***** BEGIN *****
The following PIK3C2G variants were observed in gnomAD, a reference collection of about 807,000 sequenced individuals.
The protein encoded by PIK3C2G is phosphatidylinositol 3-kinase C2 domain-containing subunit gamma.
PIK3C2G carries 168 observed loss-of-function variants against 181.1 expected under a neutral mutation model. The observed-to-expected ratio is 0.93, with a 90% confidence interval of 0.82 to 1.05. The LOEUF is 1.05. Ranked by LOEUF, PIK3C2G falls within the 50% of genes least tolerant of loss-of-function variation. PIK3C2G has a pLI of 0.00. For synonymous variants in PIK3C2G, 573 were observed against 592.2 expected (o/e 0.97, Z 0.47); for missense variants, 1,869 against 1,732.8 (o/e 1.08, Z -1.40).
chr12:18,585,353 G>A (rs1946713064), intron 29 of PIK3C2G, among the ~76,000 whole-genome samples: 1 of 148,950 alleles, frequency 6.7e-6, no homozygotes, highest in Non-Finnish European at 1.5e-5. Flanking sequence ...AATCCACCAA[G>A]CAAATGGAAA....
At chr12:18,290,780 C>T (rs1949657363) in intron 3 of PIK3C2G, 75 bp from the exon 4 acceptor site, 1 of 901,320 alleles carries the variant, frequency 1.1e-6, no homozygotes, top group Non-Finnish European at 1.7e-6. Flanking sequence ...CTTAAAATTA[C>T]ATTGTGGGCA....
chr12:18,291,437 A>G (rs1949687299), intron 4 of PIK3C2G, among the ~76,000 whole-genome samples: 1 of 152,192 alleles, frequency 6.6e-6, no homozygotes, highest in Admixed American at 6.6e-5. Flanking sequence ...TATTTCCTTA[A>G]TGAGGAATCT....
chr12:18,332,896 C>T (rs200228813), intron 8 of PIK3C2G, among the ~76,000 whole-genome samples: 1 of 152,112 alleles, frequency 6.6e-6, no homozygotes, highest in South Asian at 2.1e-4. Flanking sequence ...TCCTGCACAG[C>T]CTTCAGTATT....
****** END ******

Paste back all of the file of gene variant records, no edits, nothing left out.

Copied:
The following PIK3C2G variants were observed in gnomAD, a reference collection of about 807,000 sequenced individuals.
The protein encoded by PIK3C2G is phosphatidylinositol 3-kinase C2 domain-containing subunit gamma.
PIK3C2G carries 168 observed loss-of-function variants against 181.1 expected under a neutral mutation model. The observed-to-expected ratio is 0.93, with a 90% confidence interval of 0.82 to 1.05. The LOEUF is 1.05. Ranked by LOEUF, PIK3C2G falls within the 50% of genes least tolerant of loss-of-function variation. PIK3C2G has a pLI of 0.00. For synonymous variants in PIK3C2G, 573 were observed against 592.2 expected (o/e 0.97, Z 0.47); for missense variants, 1,869 against 1,732.8 (o/e 1.08, Z -1.40).
chr12:18,585,353 G>A (rs1946713064), intron 29 of PIK3C2G, among the ~76,000 whole-genome samples: 1 of 148,950 alleles, frequency 6.7e-6, no homozygotes, highest in Non-Finnish European at 1.5e-5. Flanking sequence ...AATCCACCAA[G>A]CAAATGGAAA....
At chr12:18,290,780 C>T (rs1949657363) in intron 3 of PIK3C2G, 75 bp from the exon 4 acceptor site, 1 of 901,320 alleles carries the variant, frequency 1.1e-6, no homozygotes, top group Non-Finnish European at 1.7e-6. Flanking sequence ...CTTAAAATTA[C>T]ATTGTGGGCA....
chr12:18,291,437 A>G (rs1949687299), intron 4 of PIK3C2G, among the ~76,000 whole-genome samples: 1 of 152,192 alleles, frequency 6.6e-6, no homozygotes, highest in Admixed American at 6.6e-5. Flanking sequence ...TATTTCCTTA[A>G]TGAGGAATCT....
chr12:18,332,896 C>T (rs200228813), intron 8 of PIK3C2G, among the ~76,000 whole-genome samples: 1 of 152,112 alleles, frequency 6.6e-6, no homozygotes, highest in South Asian at 2.1e-4. Flanking sequence ...TCCTGCACAG[C>T]CTTCAGTATT....